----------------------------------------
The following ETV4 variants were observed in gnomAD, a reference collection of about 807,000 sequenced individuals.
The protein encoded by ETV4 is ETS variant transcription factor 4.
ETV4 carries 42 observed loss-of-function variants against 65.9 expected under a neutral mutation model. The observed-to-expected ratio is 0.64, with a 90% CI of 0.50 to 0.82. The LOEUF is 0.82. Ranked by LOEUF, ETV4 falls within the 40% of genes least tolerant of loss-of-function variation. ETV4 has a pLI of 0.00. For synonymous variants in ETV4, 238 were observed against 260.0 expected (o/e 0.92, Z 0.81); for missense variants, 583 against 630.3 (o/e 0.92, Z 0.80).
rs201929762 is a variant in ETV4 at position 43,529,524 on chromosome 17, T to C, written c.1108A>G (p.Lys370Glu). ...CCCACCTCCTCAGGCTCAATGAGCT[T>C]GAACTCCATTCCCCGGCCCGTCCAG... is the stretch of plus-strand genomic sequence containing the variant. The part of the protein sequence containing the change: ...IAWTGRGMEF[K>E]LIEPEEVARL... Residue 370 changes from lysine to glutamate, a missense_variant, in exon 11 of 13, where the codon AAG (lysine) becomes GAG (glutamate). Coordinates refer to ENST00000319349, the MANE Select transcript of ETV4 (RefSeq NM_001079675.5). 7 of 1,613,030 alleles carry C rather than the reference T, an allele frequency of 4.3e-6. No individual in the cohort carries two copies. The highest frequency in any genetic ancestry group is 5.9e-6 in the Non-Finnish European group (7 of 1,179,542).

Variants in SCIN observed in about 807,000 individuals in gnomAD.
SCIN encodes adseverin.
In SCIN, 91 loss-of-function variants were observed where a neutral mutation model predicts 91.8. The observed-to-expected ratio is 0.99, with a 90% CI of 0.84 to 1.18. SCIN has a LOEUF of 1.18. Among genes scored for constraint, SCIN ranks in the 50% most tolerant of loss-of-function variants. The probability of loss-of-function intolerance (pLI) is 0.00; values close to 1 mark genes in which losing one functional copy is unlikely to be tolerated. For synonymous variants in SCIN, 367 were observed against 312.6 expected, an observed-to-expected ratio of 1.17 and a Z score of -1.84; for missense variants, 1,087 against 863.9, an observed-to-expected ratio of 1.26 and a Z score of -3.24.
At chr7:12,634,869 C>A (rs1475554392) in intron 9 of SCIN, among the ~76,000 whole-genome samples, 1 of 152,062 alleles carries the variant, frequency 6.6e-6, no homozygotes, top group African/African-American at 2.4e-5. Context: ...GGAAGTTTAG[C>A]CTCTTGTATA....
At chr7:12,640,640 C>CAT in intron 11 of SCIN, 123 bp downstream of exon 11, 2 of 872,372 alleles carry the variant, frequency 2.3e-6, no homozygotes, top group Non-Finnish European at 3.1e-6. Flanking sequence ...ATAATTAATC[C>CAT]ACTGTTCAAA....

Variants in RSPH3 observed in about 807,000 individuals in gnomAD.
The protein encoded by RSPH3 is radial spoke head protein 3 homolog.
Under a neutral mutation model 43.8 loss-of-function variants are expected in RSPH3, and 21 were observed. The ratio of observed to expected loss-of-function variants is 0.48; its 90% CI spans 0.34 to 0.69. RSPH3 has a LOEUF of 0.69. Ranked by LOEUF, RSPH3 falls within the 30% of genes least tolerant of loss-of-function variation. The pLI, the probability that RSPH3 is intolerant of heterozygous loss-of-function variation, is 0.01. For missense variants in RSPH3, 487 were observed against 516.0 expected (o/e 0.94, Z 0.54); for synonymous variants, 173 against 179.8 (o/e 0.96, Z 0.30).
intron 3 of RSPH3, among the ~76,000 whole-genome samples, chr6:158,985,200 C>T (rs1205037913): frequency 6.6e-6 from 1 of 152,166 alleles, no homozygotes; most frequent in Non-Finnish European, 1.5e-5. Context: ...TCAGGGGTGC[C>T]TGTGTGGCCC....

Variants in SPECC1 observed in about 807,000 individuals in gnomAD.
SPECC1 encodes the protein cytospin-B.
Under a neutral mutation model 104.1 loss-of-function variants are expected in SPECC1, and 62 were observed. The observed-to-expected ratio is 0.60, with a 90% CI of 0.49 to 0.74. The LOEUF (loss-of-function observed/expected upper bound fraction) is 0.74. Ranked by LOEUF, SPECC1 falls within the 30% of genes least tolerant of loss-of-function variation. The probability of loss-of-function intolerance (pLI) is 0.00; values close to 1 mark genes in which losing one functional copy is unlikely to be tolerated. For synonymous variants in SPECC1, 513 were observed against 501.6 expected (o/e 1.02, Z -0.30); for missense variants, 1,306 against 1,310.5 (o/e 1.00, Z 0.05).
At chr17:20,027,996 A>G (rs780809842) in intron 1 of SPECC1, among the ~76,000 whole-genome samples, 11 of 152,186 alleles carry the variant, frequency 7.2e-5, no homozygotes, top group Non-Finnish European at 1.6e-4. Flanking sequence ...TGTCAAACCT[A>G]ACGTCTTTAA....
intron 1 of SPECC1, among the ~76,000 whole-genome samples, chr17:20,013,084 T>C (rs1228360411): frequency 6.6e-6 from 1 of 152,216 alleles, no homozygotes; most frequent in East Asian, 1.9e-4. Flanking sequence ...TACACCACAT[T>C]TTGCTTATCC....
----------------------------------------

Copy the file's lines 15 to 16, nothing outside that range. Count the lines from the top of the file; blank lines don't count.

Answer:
SPECC1 encodes the protein cytospin-B.
Under a neutral mutation model 104.1 loss-of-function variants are expected in SPECC1, and 62 were observed. The observed-to-expected ratio is 0.60, with a 90% CI of 0.49 to 0.74. The LOEUF (loss-of-function observed/expected upper bound fraction) is 0.74. Ranked by LOEUF, SPECC1 falls within the 30% of genes least tolerant of loss-of-function variation. The probability of loss-of-function intolerance (pLI) is 0.00; values close to 1 mark genes in which losing one functional copy is unlikely to be tolerated. For synonymous variants in SPECC1, 513 were observed against 501.6 expected (o/e 1.02, Z -0.30); for missense variants, 1,306 against 1,310.5 (o/e 1.00, Z 0.05).